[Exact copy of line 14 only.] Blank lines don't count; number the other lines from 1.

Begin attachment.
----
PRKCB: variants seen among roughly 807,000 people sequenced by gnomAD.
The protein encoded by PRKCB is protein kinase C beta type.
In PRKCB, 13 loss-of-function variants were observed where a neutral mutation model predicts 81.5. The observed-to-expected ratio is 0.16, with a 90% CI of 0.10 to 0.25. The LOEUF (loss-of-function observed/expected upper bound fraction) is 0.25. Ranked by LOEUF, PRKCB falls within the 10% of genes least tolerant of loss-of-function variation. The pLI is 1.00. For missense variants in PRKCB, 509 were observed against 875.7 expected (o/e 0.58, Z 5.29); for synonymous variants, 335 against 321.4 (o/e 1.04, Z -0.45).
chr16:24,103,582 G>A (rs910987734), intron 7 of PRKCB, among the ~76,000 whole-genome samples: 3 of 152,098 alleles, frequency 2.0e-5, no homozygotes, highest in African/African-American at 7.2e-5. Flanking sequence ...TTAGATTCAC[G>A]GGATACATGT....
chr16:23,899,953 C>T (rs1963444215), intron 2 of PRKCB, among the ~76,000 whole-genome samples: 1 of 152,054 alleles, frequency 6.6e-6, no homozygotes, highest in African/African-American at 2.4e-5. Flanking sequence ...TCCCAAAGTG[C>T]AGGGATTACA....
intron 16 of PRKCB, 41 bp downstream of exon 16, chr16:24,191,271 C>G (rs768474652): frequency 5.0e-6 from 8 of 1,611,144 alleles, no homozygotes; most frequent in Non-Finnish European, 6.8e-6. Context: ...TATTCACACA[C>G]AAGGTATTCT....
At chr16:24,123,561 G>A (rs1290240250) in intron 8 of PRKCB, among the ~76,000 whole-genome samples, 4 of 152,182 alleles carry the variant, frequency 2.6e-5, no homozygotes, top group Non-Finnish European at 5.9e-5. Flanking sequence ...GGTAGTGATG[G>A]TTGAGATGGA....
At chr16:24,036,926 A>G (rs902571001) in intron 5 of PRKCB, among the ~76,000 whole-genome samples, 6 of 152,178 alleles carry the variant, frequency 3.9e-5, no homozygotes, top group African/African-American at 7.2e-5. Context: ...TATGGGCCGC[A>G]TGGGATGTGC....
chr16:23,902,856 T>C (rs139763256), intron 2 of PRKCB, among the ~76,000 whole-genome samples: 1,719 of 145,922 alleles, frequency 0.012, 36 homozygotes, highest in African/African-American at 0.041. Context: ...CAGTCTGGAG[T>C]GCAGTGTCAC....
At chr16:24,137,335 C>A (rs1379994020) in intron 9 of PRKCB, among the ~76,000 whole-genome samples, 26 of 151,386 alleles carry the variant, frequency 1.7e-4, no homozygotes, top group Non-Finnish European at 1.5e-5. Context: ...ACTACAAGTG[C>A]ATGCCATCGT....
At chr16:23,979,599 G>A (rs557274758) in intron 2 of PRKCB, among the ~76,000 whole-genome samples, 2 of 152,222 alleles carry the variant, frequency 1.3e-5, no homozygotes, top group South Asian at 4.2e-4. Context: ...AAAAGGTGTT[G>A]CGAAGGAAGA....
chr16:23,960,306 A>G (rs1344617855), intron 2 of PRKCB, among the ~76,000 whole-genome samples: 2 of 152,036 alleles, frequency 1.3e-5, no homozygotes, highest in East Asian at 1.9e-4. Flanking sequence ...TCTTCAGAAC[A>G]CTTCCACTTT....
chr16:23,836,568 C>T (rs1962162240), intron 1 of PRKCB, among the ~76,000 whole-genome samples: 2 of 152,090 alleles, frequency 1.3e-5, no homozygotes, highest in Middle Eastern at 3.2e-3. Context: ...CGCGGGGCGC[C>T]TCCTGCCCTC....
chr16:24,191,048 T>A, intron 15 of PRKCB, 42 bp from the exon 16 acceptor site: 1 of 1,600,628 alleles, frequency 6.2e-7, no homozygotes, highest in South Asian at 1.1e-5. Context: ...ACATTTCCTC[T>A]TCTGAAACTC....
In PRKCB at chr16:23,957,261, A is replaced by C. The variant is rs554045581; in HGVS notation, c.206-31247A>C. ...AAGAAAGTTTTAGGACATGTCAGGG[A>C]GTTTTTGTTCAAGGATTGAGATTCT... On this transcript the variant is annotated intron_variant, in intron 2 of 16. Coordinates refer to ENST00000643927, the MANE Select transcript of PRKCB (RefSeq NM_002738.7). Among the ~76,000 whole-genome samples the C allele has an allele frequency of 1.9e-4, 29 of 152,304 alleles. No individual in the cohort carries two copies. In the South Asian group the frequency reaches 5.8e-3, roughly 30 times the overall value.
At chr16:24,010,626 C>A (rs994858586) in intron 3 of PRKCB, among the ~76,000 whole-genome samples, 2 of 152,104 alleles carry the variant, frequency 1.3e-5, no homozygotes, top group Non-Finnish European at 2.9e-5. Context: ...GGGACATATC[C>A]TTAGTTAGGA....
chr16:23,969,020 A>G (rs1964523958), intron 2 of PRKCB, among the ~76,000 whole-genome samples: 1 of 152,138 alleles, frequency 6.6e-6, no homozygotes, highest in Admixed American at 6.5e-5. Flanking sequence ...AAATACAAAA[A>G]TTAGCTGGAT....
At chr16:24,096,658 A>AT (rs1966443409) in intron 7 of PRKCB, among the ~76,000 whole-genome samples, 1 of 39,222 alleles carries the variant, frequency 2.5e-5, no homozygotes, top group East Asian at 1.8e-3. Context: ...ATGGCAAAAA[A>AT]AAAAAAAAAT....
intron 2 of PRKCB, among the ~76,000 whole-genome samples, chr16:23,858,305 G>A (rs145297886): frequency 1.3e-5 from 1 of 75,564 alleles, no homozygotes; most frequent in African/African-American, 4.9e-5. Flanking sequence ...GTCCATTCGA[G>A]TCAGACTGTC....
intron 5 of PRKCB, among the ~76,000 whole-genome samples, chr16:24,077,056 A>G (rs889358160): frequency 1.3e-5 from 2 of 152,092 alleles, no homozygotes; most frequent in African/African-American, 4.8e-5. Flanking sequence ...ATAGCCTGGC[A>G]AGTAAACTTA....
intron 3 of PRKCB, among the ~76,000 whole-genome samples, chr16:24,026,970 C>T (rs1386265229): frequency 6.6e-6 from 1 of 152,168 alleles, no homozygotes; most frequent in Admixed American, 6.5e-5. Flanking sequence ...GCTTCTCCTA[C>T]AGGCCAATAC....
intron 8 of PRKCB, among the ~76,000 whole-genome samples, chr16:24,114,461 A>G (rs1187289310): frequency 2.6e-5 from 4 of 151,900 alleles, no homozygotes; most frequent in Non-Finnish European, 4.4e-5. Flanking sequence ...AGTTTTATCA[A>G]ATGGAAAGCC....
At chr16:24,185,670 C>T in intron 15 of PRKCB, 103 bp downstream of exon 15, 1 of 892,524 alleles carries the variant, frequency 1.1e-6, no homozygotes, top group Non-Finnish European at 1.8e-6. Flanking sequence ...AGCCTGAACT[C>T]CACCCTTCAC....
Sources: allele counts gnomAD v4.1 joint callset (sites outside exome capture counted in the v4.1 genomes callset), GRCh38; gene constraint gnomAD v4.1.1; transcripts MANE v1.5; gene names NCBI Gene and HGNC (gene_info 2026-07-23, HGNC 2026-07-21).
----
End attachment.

chr16:24,191,048 T>A, intron 15 of PRKCB, 42 bp from the exon 16 acceptor site: 1 of 1,600,628 alleles, frequency 6.2e-7, no homozygotes, highest in South Asian at 1.1e-5. Context: ...ACATTTCCTC[T>A]TCTGAAACTC....